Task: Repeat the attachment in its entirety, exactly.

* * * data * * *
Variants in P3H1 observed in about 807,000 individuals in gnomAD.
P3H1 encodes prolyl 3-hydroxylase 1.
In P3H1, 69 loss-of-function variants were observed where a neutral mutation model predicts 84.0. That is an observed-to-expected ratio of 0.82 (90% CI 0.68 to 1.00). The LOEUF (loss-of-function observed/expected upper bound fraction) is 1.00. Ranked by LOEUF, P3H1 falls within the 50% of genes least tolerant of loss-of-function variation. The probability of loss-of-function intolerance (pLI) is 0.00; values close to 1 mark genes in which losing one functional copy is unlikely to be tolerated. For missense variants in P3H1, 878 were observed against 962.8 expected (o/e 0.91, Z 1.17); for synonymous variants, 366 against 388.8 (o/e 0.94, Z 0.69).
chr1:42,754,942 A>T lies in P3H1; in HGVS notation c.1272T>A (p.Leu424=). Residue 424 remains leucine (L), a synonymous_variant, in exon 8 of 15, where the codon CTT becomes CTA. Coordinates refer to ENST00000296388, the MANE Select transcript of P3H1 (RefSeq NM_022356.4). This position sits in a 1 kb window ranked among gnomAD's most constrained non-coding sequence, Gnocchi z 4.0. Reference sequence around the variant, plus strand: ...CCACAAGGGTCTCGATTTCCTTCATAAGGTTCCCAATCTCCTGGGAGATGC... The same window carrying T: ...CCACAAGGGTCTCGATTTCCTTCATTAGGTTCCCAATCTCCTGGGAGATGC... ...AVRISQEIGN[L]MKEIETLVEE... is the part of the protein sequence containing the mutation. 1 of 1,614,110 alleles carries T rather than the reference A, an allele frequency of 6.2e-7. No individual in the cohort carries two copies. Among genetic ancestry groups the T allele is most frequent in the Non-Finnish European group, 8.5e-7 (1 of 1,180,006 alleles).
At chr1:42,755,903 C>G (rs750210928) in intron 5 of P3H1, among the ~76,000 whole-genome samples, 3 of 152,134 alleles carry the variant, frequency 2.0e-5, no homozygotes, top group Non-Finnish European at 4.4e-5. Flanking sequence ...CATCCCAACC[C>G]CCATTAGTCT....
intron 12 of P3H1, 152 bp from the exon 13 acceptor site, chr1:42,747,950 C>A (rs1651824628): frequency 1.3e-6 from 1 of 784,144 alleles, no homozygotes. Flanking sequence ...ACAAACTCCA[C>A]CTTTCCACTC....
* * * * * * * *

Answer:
Variants in P3H1 observed in about 807,000 individuals in gnomAD.
P3H1 encodes prolyl 3-hydroxylase 1.
In P3H1, 69 loss-of-function variants were observed where a neutral mutation model predicts 84.0. That is an observed-to-expected ratio of 0.82 (90% CI 0.68 to 1.00). The LOEUF (loss-of-function observed/expected upper bound fraction) is 1.00. Ranked by LOEUF, P3H1 falls within the 50% of genes least tolerant of loss-of-function variation. The probability of loss-of-function intolerance (pLI) is 0.00; values close to 1 mark genes in which losing one functional copy is unlikely to be tolerated. For missense variants in P3H1, 878 were observed against 962.8 expected (o/e 0.91, Z 1.17); for synonymous variants, 366 against 388.8 (o/e 0.94, Z 0.69).
chr1:42,754,942 A>T lies in P3H1; in HGVS notation c.1272T>A (p.Leu424=). Residue 424 remains leucine (L), a synonymous_variant, in exon 8 of 15, where the codon CTT becomes CTA. Coordinates refer to ENST00000296388, the MANE Select transcript of P3H1 (RefSeq NM_022356.4). This position sits in a 1 kb window ranked among gnomAD's most constrained non-coding sequence, Gnocchi z 4.0. Reference sequence around the variant, plus strand: ...CCACAAGGGTCTCGATTTCCTTCATAAGGTTCCCAATCTCCTGGGAGATGC... The same window carrying T: ...CCACAAGGGTCTCGATTTCCTTCATTAGGTTCCCAATCTCCTGGGAGATGC... ...AVRISQEIGN[L]MKEIETLVEE... is the part of the protein sequence containing the mutation. 1 of 1,614,110 alleles carries T rather than the reference A, an allele frequency of 6.2e-7. No individual in the cohort carries two copies. Among genetic ancestry groups the T allele is most frequent in the Non-Finnish European group, 8.5e-7 (1 of 1,180,006 alleles).
At chr1:42,755,903 C>G (rs750210928) in intron 5 of P3H1, among the ~76,000 whole-genome samples, 3 of 152,134 alleles carry the variant, frequency 2.0e-5, no homozygotes, top group Non-Finnish European at 4.4e-5. Flanking sequence ...CATCCCAACC[C>G]CCATTAGTCT....
intron 12 of P3H1, 152 bp from the exon 13 acceptor site, chr1:42,747,950 C>A (rs1651824628): frequency 1.3e-6 from 1 of 784,144 alleles, no homozygotes. Flanking sequence ...ACAAACTCCA[C>A]CTTTCCACTC....